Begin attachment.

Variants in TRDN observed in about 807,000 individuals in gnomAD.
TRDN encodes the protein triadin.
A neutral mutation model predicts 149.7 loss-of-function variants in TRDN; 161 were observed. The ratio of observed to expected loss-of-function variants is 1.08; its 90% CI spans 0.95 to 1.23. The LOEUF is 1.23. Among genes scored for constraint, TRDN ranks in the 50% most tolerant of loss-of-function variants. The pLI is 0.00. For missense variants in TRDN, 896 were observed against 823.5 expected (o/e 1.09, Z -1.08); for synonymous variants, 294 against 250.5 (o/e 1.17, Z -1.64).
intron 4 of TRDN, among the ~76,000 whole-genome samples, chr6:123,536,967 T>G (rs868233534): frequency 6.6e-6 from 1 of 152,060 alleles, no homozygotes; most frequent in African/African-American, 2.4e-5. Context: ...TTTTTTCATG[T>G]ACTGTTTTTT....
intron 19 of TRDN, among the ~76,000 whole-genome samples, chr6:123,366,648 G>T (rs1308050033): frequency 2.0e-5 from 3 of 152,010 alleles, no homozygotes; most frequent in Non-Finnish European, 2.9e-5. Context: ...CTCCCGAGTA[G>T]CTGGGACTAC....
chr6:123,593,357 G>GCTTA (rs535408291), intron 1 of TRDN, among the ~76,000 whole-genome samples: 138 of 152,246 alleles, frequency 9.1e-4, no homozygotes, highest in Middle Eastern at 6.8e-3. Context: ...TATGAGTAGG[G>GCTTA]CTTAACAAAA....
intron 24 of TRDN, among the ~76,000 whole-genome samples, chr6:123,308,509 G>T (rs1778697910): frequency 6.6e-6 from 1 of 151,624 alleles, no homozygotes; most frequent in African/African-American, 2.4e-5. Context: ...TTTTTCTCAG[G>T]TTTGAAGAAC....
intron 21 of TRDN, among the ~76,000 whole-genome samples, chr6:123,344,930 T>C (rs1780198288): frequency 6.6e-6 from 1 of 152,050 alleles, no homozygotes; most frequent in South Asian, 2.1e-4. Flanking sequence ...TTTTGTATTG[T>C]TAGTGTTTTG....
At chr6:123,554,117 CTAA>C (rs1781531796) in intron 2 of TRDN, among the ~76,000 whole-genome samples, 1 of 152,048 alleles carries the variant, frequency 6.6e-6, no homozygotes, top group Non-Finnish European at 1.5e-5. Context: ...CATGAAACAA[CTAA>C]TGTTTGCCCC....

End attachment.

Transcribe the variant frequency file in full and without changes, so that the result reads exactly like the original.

Variants in TRDN observed in about 807,000 individuals in gnomAD.
TRDN encodes the protein triadin.
A neutral mutation model predicts 149.7 loss-of-function variants in TRDN; 161 were observed. The ratio of observed to expected loss-of-function variants is 1.08; its 90% CI spans 0.95 to 1.23. The LOEUF is 1.23. Among genes scored for constraint, TRDN ranks in the 50% most tolerant of loss-of-function variants. The pLI is 0.00. For missense variants in TRDN, 896 were observed against 823.5 expected (o/e 1.09, Z -1.08); for synonymous variants, 294 against 250.5 (o/e 1.17, Z -1.64).
intron 4 of TRDN, among the ~76,000 whole-genome samples, chr6:123,536,967 T>G (rs868233534): frequency 6.6e-6 from 1 of 152,060 alleles, no homozygotes; most frequent in African/African-American, 2.4e-5. Context: ...TTTTTTCATG[T>G]ACTGTTTTTT....
intron 19 of TRDN, among the ~76,000 whole-genome samples, chr6:123,366,648 G>T (rs1308050033): frequency 2.0e-5 from 3 of 152,010 alleles, no homozygotes; most frequent in Non-Finnish European, 2.9e-5. Context: ...CTCCCGAGTA[G>T]CTGGGACTAC....
chr6:123,593,357 G>GCTTA (rs535408291), intron 1 of TRDN, among the ~76,000 whole-genome samples: 138 of 152,246 alleles, frequency 9.1e-4, no homozygotes, highest in Middle Eastern at 6.8e-3. Context: ...TATGAGTAGG[G>GCTTA]CTTAACAAAA....
intron 24 of TRDN, among the ~76,000 whole-genome samples, chr6:123,308,509 G>T (rs1778697910): frequency 6.6e-6 from 1 of 151,624 alleles, no homozygotes; most frequent in African/African-American, 2.4e-5. Context: ...TTTTTCTCAG[G>T]TTTGAAGAAC....
intron 21 of TRDN, among the ~76,000 whole-genome samples, chr6:123,344,930 T>C (rs1780198288): frequency 6.6e-6 from 1 of 152,050 alleles, no homozygotes; most frequent in South Asian, 2.1e-4. Flanking sequence ...TTTTGTATTG[T>C]TAGTGTTTTG....
At chr6:123,554,117 CTAA>C (rs1781531796) in intron 2 of TRDN, among the ~76,000 whole-genome samples, 1 of 152,048 alleles carries the variant, frequency 6.6e-6, no homozygotes, top group Non-Finnish European at 1.5e-5. Context: ...CATGAAACAA[CTAA>C]TGTTTGCCCC....